KIT, Campus Nord, Institute of Nanotechnology , Bldg. 640 Seminar room 0-167, Hermann-von-Helmholtz-Platz 1, 76344 Eggenstein-Leopoldshafen

Talk given by

Prof. Tobias Schaetz

Freiburg Institute of Andvanced Studies

Albert-Ludwigs-Universität Freiburg

Freiburg, Germany

Abstract:

Direct experimental access to some of the most intriguing and puzzling quantum phenomena is difficult due to their fragility to noise. Their efficient simulation on conventional computers is impossible, since quantum behaviour is not efficiently translatable in classical language. However, one could gain deeper insight into complex quantum dynamics via experimentally simulating the quantum behaviour of interest in another quantum system, where not all but the relevant parameters and interactions can be controlled and robust effects detected sufficiently well. One example is simulating quantum-spin systems with trapped ions. Here, we explore the limitations and prospects for scaling to larger and two dimensional systems, aiming to span a triangular lattice by individual ion traps above 2D-electrodes of micrometer scale. On the other hand, we are studying the onset of thermalisation and its time scales in closed quantum systems.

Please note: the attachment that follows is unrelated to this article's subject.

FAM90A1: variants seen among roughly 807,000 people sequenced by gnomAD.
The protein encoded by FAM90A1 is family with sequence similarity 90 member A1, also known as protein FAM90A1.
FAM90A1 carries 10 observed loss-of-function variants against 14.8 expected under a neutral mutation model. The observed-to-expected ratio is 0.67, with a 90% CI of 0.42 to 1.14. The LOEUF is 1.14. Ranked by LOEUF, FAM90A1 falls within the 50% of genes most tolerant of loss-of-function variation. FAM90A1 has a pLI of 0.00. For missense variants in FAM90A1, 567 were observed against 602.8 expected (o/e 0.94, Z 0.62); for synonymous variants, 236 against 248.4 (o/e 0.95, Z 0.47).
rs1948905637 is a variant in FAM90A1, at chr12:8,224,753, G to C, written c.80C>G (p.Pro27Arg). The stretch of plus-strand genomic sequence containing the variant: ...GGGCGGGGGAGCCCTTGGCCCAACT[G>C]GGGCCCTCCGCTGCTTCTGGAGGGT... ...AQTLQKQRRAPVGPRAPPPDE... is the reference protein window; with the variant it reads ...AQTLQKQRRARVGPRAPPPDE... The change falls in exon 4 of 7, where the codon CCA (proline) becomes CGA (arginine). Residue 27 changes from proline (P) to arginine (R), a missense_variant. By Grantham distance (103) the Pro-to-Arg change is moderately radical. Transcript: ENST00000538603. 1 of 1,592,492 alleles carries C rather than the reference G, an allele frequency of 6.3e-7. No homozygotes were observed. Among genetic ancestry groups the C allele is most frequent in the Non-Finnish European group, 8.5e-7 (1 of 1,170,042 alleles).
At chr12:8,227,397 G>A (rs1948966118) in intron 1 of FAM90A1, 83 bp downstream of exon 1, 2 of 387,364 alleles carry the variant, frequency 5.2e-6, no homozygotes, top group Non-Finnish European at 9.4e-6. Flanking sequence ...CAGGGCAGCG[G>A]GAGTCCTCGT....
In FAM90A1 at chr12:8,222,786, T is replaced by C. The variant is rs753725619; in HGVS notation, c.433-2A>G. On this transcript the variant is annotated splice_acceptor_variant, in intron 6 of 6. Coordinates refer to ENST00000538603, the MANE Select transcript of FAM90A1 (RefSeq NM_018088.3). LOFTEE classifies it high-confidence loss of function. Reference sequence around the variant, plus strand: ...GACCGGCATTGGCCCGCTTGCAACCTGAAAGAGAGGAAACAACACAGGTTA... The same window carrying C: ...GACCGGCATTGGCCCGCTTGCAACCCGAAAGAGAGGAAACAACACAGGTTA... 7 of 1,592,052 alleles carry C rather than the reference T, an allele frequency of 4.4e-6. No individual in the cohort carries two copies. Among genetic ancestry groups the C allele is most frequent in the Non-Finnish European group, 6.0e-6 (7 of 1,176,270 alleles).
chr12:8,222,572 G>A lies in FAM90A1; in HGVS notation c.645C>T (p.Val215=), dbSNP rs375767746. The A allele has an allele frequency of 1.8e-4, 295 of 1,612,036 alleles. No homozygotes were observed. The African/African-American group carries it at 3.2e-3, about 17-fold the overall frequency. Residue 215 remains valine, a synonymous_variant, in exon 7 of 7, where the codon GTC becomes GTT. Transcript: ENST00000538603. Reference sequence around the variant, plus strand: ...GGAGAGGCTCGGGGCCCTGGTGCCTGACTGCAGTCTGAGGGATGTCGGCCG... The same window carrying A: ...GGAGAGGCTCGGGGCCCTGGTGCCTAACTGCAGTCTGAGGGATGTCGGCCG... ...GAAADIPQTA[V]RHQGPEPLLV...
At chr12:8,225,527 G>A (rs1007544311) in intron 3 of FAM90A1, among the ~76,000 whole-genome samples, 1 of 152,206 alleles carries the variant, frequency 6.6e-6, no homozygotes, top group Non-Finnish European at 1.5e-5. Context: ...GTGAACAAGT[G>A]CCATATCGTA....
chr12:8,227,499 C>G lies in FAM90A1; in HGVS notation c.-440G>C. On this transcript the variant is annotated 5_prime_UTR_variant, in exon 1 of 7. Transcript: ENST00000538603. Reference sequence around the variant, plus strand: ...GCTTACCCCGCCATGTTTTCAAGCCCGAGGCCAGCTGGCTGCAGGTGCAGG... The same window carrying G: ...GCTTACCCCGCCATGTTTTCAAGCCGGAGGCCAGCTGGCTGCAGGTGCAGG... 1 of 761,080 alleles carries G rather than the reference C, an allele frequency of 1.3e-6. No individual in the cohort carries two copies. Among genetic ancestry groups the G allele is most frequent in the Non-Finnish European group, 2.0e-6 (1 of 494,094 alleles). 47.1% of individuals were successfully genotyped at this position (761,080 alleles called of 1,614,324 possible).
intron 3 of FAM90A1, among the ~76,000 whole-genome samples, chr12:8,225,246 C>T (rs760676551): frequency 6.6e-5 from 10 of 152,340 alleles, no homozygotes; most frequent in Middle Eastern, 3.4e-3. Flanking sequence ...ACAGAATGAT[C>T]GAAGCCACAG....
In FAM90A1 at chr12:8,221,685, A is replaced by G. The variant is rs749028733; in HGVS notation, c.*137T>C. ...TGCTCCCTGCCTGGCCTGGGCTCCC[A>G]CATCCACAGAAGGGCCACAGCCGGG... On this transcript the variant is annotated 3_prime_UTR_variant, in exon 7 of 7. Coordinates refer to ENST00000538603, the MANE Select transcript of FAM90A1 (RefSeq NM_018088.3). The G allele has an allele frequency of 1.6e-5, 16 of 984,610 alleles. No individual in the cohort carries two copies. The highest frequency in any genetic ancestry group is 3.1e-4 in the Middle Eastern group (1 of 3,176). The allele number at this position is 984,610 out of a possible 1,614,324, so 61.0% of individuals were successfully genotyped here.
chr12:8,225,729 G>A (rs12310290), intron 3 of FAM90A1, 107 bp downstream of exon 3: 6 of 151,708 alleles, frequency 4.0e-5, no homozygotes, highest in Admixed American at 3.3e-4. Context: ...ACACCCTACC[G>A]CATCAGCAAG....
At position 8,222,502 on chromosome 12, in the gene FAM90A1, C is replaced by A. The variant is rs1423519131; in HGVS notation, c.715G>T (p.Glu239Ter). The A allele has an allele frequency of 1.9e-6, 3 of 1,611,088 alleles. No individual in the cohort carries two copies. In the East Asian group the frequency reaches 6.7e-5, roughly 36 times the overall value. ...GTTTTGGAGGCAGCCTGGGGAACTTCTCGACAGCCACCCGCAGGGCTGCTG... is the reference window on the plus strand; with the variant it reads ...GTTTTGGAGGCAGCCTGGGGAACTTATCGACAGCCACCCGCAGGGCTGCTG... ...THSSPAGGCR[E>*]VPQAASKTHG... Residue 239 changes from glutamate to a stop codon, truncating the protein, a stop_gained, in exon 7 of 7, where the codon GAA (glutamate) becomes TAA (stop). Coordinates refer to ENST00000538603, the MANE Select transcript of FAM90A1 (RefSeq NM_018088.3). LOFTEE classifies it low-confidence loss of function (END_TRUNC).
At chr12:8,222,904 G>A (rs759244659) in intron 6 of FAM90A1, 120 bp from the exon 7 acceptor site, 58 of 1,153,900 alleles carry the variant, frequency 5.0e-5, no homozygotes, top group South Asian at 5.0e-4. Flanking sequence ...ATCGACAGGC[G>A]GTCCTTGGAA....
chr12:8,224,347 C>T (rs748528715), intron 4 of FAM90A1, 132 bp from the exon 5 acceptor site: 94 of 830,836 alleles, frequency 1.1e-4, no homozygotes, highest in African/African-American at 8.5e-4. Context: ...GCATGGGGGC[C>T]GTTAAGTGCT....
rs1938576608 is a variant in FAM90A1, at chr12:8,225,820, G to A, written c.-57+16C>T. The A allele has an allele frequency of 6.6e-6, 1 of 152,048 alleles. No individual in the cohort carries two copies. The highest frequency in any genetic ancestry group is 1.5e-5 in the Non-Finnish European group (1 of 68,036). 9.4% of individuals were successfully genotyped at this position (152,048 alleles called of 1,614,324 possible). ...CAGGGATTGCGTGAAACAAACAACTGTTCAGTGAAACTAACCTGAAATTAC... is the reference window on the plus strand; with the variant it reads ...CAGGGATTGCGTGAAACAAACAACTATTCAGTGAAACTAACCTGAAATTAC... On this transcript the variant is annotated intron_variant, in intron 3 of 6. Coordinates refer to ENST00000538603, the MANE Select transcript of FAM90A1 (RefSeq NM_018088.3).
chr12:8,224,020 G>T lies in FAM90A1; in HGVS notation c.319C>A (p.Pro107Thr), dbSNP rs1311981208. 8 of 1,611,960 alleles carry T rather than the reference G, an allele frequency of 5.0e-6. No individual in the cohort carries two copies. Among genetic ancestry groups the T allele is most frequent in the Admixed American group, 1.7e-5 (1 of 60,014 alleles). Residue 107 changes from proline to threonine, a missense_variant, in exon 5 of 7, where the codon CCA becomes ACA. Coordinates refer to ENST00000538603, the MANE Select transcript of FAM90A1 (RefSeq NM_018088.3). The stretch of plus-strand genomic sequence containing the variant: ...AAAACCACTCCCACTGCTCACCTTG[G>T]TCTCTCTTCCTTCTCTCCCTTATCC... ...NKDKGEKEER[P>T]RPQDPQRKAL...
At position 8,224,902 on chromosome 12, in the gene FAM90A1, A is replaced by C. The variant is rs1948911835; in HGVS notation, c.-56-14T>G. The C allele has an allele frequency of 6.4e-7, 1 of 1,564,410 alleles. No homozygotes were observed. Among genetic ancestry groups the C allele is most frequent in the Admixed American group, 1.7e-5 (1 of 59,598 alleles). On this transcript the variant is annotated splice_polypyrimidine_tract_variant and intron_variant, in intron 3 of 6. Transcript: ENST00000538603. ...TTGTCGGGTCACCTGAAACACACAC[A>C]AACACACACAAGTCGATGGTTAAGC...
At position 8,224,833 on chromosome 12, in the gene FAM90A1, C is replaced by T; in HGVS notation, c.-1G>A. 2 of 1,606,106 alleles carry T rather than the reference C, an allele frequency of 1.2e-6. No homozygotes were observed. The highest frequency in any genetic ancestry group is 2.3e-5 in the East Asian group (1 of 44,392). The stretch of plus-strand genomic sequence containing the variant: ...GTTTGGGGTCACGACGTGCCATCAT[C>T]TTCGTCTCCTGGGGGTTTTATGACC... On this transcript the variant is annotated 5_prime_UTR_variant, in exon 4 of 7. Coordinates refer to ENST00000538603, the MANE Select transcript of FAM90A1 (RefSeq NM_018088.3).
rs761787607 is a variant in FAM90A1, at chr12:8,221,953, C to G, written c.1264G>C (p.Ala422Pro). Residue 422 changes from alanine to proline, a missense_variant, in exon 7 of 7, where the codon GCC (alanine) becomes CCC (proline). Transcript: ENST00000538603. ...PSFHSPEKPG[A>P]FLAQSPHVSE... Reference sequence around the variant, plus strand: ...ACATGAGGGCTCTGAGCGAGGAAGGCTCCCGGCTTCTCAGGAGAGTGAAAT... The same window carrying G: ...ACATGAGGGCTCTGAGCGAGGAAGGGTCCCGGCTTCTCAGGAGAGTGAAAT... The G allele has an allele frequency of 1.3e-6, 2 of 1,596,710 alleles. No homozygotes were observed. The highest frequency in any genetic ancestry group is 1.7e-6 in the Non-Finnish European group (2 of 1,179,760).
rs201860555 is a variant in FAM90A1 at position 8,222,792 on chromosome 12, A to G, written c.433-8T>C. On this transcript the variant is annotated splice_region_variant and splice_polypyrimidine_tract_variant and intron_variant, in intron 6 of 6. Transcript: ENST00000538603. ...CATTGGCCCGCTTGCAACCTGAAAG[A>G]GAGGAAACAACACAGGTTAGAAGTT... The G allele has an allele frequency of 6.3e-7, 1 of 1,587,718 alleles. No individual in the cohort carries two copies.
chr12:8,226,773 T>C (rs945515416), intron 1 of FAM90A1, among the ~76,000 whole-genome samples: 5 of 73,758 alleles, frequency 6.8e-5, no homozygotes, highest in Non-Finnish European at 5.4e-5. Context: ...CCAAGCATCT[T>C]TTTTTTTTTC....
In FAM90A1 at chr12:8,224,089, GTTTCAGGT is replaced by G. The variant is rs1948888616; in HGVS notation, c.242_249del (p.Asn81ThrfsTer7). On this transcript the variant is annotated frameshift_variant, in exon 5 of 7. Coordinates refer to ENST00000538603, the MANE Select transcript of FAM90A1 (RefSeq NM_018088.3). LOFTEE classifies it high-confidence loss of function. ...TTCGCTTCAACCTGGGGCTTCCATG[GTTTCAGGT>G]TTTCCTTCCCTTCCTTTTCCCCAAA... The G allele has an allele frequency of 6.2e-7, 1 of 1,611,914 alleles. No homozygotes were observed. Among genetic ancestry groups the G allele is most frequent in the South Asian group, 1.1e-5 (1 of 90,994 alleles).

(Picture is Fig. 1a from Alexander Lambrecht, Julian Schmidt, Pascal Weckesser, Markus Debatin, Leon Karpa and Tobias Schaetz Nature Photonics **11**, 704 (2017) )

DESCRIPTION: quantum simulations via novel ion (+atom) trapping concepts \nKIT, Campus Nord, Institute of Nanotechnology [http://www.int.kit.edu/home.php] , Bldg. 640 Seminar room 0-167, Hermann-von-Helmholtz-Platz 1, 76344 Eggenstein-Leopoldshafen\n\n

Talk given by

\n\nProf. Tobias Schaetz

\nFreiburg Institute of Andvanced Studies

\nAlbert-Ludwigs-Universität Freiburg

Freiburg, Germany

\n\n\n\n

Abstract:

\n\nDirect experimental access to some of the most intriguing and puzzling quantum phenomena is difficult due to their fragility to noise. Their efficient simulation on conventional computers is impossible, since quantum behaviour is not efficiently translatable in classical language. However, one could gain deeper insight into complex quantum dynamics via experimentally simulating the quantum behaviour of interest in another quantum system, where not all but the relevant parameters and interactions can be controlled and robust effects detected sufficiently well. One example is simulating quantum-spin systems with trapped ions. Here, we explore the limitations and prospects for scaling to larger and two dimensional systems, aiming to span a triangular lattice by individual ion traps above 2D-electrodes of micrometer scale. On the other hand, we are studying the onset of thermalisation and its time scales in closed quantum systems.

\n\n(Picture is Fig. 1a from Alexander Lambrecht, Julian Schmidt, Pascal Weckesser, Markus Debatin, Leon Karpa and Tobias Schaetz Nature Photonics **11**, 704 (2017) )